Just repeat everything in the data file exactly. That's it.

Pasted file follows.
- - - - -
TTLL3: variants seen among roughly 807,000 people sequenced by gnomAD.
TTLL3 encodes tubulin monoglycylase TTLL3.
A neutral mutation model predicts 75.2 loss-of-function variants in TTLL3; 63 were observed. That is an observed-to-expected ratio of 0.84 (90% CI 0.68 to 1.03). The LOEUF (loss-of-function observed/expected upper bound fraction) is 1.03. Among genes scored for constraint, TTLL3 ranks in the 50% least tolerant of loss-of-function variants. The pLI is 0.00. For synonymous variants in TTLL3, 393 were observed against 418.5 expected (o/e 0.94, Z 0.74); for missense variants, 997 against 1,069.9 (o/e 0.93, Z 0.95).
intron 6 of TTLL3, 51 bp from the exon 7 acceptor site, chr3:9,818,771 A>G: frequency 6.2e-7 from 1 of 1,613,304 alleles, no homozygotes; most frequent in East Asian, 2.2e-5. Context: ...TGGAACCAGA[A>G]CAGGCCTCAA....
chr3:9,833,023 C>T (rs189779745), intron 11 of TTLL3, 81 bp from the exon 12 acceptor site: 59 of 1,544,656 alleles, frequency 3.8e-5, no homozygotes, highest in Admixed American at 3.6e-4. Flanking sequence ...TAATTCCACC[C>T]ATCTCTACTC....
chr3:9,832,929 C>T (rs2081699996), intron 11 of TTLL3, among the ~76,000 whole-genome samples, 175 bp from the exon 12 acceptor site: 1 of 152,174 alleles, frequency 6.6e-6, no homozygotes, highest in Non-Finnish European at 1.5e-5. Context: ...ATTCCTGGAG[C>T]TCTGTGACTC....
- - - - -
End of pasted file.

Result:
TTLL3: variants seen among roughly 807,000 people sequenced by gnomAD.
TTLL3 encodes tubulin monoglycylase TTLL3.
A neutral mutation model predicts 75.2 loss-of-function variants in TTLL3; 63 were observed. That is an observed-to-expected ratio of 0.84 (90% CI 0.68 to 1.03). The LOEUF (loss-of-function observed/expected upper bound fraction) is 1.03. Among genes scored for constraint, TTLL3 ranks in the 50% least tolerant of loss-of-function variants. The pLI is 0.00. For synonymous variants in TTLL3, 393 were observed against 418.5 expected (o/e 0.94, Z 0.74); for missense variants, 997 against 1,069.9 (o/e 0.93, Z 0.95).
intron 6 of TTLL3, 51 bp from the exon 7 acceptor site, chr3:9,818,771 A>G: frequency 6.2e-7 from 1 of 1,613,304 alleles, no homozygotes; most frequent in East Asian, 2.2e-5. Context: ...TGGAACCAGA[A>G]CAGGCCTCAA....
chr3:9,833,023 C>T (rs189779745), intron 11 of TTLL3, 81 bp from the exon 12 acceptor site: 59 of 1,544,656 alleles, frequency 3.8e-5, no homozygotes, highest in Admixed American at 3.6e-4. Flanking sequence ...TAATTCCACC[C>T]ATCTCTACTC....
chr3:9,832,929 C>T (rs2081699996), intron 11 of TTLL3, among the ~76,000 whole-genome samples, 175 bp from the exon 12 acceptor site: 1 of 152,174 alleles, frequency 6.6e-6, no homozygotes, highest in Non-Finnish European at 1.5e-5. Context: ...ATTCCTGGAG[C>T]TCTGTGACTC....